Poll: Majority wants tax cuts eliminated for wealthy, extended for others

Fifty-one percent of adults believe that the Bush tax cuts should be allowed to expire for wealthy families, but should be extended for middle- and lower-class families.

A CNN/Opinion Research poll released Friday showed a narrow majority for one option lawmakers are considering for handling the Bush tax cuts, which are set to expire at the end of this year. 

ADVERTISEMENT
Asked which of the following statements comes closest to their view, 51 percent said "those tax cuts should continue for families that make less than 250 thousand dollars a year, but taxes should rise to the previous level for families who make more than that amount."

Thirty-one percent said that "those tax cuts should continue for all Americans regardless of how much money they make." Eighteen percent said "taxes should rise to the previous level for all Americans regardless of how much money they make."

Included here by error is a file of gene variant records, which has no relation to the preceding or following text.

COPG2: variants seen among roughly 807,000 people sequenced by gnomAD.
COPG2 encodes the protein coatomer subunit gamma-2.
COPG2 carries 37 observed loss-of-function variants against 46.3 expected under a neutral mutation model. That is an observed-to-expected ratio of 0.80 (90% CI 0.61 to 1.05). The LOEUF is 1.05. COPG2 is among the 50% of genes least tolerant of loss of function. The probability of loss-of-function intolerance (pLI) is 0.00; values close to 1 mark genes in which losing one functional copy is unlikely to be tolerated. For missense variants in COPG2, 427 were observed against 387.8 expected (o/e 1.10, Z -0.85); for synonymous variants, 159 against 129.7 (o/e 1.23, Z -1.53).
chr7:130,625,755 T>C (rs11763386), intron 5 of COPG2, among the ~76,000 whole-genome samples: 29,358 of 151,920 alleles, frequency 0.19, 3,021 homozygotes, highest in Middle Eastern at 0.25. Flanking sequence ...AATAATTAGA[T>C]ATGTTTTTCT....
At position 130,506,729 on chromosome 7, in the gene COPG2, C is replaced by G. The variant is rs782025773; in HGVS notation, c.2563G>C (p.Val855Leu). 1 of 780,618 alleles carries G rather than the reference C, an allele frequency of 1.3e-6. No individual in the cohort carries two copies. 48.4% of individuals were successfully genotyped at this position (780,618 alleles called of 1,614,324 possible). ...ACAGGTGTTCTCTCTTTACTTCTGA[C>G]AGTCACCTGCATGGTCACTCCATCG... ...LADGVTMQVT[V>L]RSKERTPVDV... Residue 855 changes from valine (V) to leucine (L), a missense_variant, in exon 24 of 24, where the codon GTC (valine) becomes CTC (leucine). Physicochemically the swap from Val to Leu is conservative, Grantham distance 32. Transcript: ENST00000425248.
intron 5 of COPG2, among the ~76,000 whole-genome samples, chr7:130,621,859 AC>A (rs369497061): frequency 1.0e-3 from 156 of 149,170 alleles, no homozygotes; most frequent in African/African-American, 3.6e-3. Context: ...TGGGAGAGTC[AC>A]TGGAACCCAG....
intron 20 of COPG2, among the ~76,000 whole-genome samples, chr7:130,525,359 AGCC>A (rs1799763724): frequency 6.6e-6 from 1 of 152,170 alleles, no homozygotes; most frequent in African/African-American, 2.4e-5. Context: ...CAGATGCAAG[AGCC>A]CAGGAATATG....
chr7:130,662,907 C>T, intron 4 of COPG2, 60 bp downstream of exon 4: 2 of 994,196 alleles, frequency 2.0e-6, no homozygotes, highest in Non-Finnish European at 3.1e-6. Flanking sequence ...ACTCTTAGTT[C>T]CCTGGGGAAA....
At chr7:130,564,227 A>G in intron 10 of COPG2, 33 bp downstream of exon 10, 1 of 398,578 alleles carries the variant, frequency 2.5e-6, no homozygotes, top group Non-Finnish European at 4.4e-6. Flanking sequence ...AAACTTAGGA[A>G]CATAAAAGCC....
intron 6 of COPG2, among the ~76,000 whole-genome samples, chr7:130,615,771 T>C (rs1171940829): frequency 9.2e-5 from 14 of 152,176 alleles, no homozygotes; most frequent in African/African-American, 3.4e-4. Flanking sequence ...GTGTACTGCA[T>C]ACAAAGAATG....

An extension of the Bush tax cuts is one of the most contentious issues lawmakers are likely to take up before the current Congress ends after this year.

Most Republicans want the tax cuts extended for all Americans, arguing that raising taxes while the country is recovering from a major recession would be catastrophic.

Democrats have been divided on the issue. Some want them done away with completely, saying they contributed to the federal budget deficit and let the wealthy off the hook from paying their fair share of taxes.

Others want individuals making less than $200,000 and families earning less than $250,000 to keep their current tax rates and to eliminate the cuts for those making more than those income amounts.

Sixty-seven percent of Democrats and 40 percent of Republicans polled prefer that option, along with 44 percent of independents. 

Fifty percent of Republicans want the cuts extended for all, compared to 13 percent of Democrats and 34 percent of independents.

Eliminating the tax cuts for all receives the least support. Just 21 percent of independents, 20 percent of Democrats and 10 percent of Republicans want that option.